Ex-Natwest exec prepares to sue for payoff

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Dame Alison Rose, the former CEO of NatWest Group, is exploring the possibility of challenging the bank’s expected decision to cancel approximately £5.2 million in unvested share awards she was due to receive. This decision follows her forced resignation in July after acknowledging discussing Nigel Farage’s private banking arrangements with a BBC journalist. NatWest employees have been reported to have belittled Farage, which resulted in a review by the City watchdog.

While it’s unclear whether Dame Alison will formally challenge NatWest’s board if they decide to cancel her unvested shares, it’s one of the options she is likely to consider. The bank aims to resolve the issue before announcing its third-quarter results. Although the decision-making process could be prolonged due to legal complexities, it’s expected to be reached by the board in the coming days.

Dame Alison has been receiving her annual package of £2.4 million since her departure at the end of July, which comprises a base salary, pension contribution, and a share-based fixed-pay allowance. In addition to her annual bonus, she holds approximately 2.5 million unvested shares in NatWest, worth £5.19 million at the current share price. The government is expected to be consulted on the final terms of her exit package.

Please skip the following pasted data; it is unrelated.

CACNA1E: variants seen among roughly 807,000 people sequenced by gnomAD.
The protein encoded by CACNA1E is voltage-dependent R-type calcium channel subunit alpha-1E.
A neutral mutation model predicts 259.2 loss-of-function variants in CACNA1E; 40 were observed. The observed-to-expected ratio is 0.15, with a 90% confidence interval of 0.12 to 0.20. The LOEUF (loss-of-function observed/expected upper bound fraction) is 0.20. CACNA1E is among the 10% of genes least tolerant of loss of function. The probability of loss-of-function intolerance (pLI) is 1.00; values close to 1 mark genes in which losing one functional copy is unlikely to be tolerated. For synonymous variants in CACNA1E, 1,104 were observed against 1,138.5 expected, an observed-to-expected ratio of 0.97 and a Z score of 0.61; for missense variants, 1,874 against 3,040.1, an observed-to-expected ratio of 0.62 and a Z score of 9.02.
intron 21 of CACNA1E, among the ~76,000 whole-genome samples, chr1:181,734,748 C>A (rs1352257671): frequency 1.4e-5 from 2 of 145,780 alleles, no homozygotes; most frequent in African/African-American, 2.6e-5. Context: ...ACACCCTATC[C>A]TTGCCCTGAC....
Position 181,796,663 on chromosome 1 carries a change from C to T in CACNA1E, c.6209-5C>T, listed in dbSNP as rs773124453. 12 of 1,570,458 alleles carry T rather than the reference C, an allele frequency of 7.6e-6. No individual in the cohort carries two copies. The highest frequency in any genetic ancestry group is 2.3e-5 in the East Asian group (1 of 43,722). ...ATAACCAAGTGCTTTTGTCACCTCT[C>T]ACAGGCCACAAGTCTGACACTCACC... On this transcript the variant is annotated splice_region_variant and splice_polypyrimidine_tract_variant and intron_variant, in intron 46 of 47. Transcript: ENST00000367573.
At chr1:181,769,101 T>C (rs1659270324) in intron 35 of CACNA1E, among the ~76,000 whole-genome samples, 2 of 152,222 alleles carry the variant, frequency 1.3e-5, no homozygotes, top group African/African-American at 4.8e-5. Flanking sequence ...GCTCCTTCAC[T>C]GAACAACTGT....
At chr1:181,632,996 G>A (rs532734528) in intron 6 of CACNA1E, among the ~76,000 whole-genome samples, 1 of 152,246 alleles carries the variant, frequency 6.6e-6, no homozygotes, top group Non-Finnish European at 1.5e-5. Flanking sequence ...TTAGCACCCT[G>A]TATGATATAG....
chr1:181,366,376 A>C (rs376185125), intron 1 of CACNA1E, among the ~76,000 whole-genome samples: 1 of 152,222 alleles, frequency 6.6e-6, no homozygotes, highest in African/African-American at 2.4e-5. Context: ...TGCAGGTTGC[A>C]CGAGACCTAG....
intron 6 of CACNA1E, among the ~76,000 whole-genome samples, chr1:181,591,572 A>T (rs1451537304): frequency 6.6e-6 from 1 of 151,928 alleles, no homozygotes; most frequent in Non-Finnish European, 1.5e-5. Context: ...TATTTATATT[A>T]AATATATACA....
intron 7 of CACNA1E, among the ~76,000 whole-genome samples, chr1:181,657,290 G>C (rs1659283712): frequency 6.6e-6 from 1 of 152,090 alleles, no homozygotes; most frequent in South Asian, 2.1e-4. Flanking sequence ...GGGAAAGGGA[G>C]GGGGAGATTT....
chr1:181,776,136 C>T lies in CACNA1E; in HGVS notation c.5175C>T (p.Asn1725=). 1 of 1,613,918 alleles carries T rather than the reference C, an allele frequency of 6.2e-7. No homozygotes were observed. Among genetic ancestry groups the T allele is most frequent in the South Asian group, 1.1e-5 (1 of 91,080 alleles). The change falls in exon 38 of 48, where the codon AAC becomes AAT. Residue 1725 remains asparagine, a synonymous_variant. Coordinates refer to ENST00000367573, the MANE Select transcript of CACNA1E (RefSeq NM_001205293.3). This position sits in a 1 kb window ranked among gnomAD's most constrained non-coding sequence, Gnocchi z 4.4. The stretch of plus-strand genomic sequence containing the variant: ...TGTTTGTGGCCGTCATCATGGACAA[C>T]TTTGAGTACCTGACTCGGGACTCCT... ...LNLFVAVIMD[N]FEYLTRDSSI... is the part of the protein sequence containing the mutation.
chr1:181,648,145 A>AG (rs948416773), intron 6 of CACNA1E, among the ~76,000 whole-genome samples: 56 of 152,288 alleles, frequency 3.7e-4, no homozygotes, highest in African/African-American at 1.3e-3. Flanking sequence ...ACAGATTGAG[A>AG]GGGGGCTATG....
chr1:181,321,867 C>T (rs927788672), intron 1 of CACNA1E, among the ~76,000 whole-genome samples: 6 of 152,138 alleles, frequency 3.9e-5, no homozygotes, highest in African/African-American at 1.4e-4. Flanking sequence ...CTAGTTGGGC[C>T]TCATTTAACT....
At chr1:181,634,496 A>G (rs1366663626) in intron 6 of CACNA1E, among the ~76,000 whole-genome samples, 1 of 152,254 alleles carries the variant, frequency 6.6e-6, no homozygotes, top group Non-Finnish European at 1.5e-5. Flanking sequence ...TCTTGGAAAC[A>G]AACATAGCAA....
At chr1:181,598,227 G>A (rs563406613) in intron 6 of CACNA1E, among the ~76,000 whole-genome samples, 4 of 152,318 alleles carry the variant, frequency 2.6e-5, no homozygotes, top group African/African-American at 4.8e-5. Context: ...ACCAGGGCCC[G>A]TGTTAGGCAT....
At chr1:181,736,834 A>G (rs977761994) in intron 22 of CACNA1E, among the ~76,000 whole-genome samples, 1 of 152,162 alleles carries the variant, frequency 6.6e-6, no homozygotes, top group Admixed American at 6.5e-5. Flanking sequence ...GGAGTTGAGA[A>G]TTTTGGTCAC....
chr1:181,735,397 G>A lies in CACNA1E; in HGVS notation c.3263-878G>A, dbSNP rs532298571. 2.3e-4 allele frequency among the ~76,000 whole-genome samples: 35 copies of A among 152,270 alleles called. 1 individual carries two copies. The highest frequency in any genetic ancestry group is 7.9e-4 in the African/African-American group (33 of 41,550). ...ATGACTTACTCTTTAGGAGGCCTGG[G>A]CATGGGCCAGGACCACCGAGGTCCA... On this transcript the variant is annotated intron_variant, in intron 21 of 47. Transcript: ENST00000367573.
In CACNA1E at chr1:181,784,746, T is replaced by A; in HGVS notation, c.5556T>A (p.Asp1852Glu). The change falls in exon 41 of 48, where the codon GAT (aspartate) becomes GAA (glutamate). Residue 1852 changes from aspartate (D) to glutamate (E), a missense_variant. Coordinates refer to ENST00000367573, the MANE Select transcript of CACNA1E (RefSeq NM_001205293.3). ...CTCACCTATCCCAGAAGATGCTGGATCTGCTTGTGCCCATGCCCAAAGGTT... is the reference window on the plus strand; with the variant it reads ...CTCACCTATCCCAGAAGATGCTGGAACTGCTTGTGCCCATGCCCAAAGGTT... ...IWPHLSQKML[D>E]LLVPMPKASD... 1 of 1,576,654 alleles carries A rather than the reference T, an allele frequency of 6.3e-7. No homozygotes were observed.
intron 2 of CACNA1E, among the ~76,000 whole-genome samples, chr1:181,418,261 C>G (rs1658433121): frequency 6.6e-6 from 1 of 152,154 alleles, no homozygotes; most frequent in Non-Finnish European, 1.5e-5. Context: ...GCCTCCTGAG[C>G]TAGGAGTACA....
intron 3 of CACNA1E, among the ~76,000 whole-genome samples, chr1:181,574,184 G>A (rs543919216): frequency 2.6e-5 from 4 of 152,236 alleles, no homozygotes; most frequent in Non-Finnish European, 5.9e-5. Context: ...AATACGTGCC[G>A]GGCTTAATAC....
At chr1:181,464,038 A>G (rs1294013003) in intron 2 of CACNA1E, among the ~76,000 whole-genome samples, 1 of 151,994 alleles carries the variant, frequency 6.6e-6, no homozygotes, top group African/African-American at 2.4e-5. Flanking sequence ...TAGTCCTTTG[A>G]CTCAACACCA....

Dame Alison was forced to step down after inaccurately briefing a BBC journalist about the reasons for closing Nigel Farage’s accounts, suggesting that he did not meet the bank’s commercial criteria. However, it later emerged that his political views played a crucial role in the decision.

Her replacement on an interim basis is Paul Thwaite, the former head of NatWest’s commercial business. A report on the “exit process” for Farage and the disclosure of his banking information to the BBC has been submitted to the NatWest board, with a second phase of the probe examining the closure of Coutts accounts expected to be completed soon.